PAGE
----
I am someone who has struggled with mental health almost my whole life. I have had to learn (sometimes the hard way) that mental health is as important, if not more important, as physical health. I learned that mental health matters, and especially in a very confusing and stressful time like the one we are in now. The Institute of Music for Children is an organization that cares about the holistic wellness of our children, parents, and teachers. I feel fortunate to work for an organization that understands the importance of nurturing ourselves physically and mentally. The Institute offers an avenue for children to learn a new skill or instrument, while also providing a positive social environment for them to interact and create strong bonds with other kids as well as adults. While school may not be the same place we imagined before a global pandemic, the Institute will continue to provide a magical and heartwarming experience for Elizabeth and the surrounding communities. Places like the Institute are more important than ever because they actively provide a network of people for kids to feel encouraged and supported. There is no better time to seek out this support and encouragement than now!!

Locally-Based Community Resources

1126 Dickinson Street Elizabeth, NJ 07201 (908) 351-7727

PROCEED’s main goal is to uplift and build entire communities by providing holistic care to individuals and families, as well as community organizations. Founded and based in Elizabeth, New Jersey in 1970, creators Manual Perez, Felicita Perez, Ines Caneda, Luis Matos, Carlos Leon, Phillip Garcia, Jose Rodriguez, and others incorporated the Puerto Rican Organization for Community Education Economic Development to provide advocacy and development-based social, economic, and health services to lower income communities. Proceed also offers support in the form of capacity-building and training to other organizations that provide goods and services to the community.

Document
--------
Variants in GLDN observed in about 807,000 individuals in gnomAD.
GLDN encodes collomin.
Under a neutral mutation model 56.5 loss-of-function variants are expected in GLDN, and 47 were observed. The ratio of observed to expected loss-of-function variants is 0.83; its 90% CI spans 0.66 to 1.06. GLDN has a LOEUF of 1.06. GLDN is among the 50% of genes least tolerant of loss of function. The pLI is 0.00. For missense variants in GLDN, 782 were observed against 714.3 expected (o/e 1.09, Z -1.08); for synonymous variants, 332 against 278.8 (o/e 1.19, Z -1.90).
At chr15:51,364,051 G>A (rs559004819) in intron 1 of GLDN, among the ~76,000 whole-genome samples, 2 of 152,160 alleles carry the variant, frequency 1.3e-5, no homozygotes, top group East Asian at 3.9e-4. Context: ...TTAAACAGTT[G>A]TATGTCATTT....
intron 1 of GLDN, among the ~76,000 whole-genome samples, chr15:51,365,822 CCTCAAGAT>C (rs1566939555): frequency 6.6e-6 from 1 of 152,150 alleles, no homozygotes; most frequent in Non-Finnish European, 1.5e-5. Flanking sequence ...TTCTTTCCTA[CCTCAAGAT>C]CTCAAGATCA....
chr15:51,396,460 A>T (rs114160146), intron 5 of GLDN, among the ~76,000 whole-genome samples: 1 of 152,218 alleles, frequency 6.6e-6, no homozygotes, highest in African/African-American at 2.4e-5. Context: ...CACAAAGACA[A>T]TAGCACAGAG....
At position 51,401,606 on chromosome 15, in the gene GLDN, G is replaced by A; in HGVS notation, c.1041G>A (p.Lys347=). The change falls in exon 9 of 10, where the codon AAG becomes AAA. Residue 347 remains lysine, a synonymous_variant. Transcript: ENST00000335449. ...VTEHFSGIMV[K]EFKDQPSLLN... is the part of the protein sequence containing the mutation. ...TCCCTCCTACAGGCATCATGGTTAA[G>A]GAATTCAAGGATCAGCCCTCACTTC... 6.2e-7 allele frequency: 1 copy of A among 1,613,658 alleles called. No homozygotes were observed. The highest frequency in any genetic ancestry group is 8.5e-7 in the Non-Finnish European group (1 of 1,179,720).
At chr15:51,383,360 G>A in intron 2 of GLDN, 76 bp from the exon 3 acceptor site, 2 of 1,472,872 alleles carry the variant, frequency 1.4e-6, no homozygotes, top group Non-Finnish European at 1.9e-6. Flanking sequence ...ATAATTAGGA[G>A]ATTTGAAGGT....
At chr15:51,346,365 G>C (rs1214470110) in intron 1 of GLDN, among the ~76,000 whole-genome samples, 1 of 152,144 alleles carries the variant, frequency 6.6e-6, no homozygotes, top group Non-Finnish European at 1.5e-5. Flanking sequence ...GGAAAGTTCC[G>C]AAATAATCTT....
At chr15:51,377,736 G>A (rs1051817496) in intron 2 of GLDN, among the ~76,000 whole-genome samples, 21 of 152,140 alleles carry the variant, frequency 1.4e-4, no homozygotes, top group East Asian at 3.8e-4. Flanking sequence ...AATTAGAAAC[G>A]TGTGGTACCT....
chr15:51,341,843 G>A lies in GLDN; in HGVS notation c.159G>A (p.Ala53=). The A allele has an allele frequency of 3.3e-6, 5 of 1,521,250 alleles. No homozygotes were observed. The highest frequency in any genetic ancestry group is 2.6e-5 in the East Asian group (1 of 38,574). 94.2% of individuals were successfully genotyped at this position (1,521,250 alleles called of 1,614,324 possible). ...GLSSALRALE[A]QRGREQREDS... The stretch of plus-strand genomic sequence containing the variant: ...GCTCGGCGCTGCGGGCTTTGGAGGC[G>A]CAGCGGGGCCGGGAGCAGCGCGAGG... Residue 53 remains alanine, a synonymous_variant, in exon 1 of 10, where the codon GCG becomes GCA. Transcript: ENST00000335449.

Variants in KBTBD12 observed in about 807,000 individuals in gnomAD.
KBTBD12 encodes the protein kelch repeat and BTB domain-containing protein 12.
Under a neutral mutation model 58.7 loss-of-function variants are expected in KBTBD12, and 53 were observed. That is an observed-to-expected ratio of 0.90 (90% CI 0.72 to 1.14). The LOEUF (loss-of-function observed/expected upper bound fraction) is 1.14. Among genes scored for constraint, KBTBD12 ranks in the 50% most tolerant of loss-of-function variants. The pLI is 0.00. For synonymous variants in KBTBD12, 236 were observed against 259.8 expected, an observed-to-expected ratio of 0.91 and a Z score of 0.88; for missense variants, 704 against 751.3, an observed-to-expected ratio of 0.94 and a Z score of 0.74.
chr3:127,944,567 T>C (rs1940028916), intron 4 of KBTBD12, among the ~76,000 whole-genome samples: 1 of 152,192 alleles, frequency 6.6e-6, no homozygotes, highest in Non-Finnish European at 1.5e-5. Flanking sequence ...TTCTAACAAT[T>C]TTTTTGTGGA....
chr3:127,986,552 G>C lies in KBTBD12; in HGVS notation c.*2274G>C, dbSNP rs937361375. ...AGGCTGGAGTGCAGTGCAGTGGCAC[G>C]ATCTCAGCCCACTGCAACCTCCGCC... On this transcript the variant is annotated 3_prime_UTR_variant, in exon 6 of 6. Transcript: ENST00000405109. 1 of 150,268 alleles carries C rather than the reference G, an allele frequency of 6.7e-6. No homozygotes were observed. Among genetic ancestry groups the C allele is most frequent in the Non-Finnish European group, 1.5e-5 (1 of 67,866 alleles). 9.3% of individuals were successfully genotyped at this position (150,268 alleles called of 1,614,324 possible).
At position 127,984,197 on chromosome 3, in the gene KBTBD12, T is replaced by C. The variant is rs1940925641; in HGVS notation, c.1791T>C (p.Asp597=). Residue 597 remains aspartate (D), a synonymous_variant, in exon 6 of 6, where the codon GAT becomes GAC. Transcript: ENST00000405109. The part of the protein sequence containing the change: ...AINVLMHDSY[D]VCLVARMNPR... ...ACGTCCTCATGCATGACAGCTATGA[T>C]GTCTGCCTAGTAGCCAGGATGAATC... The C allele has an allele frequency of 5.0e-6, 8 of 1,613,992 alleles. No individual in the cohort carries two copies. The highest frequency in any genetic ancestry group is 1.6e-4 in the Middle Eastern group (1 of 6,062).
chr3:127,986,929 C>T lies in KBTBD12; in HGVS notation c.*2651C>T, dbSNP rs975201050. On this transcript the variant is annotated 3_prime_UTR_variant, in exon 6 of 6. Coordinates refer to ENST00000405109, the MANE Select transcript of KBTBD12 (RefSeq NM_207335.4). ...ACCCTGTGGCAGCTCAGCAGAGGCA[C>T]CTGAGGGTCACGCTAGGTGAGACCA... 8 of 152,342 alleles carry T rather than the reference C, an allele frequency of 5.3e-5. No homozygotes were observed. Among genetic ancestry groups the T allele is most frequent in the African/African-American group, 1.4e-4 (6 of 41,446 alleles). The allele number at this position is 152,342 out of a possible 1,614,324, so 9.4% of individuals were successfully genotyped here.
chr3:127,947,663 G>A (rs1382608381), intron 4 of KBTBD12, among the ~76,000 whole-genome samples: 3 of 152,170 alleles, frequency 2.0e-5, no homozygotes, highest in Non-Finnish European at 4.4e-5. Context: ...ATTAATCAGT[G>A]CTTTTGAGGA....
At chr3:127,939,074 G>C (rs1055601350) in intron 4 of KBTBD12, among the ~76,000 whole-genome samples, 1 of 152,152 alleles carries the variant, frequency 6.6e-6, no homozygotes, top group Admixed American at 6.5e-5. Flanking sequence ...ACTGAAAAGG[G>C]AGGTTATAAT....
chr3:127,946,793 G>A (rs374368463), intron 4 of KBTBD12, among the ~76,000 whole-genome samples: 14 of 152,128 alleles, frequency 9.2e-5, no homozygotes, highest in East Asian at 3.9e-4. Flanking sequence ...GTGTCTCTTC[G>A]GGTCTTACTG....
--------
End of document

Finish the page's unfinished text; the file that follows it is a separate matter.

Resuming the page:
Services include family resources, HIV prevention services, homelessness prevention and employment assistance, utility assistance and home improvement, individual, youth, and group counseling, and training and technical assistance

Training and technical assistance services include training programs for organizations include curriculum development and instructional design, health equity, human resources development, meeting and event planning, consultation and management services, organizational development and sustainability, program implementation support, research to practice support, social media marketing and health communications, Spanish translation services

240 Sheffield Street, Mountainside, NJ 07092


Families and Community Together (FACT) partners with young individuals, their families, and their communities to develop effective plans for children to achieve stability, positive change, and success at home, at school, and in their communities. Organizations like FACT and Proceed are family and community-oriented, in that their main goal is to empower and strengthen family and community bonds. FACT offers wraparound, community-based services to families who have children with emotional, behavioral development, mental health, and substance abuse needs.

655 Westfield Avenue, Elizabeth, NJ 07208


Jewish Family Services of Central New Jersey works to strengthen family life and encourage personal growth by providing quality social and health services to individuals and families in need. Jewish Family Services provides services to both children and families, as well as seniors in the Union County area.

Services for seniors include: certified home health aide; homemaker services; kosher meals on wheels; social work outreach; community health nursing and case management; caregiver support program; counseling; transportation; friend advocate program; and retired senior volunteer program

Services for children and families include: individual, couples, and family counseling; children’s counseling; project play; domestic violence; adoption services; school-based services; career development; food pantry and emergency financial assistance


Bartlett, Jessica Dym, and Brandon Stratford. “A National Agenda for Children’s Mental Health.” Child Trends, Jan. 2021,

Wagner, Karen Dineen. New Findings About Children’s Mental Health During COVID-19. Oct. 2020,

Hults, Rachel Velcoff, and Steven Adelsheim. “Opinion: More Than Ever, We Must Prioritize the Mental Health and Well-Being of Children.” Stanford Children’s Health,

Fregni, Jessica. “The Future of Education Under the Biden Administration.” Teach for America, Jan. 2021,

Power, E., et al. Youth Mental Health in the Time of COVID-19. July 2020,


bottom of page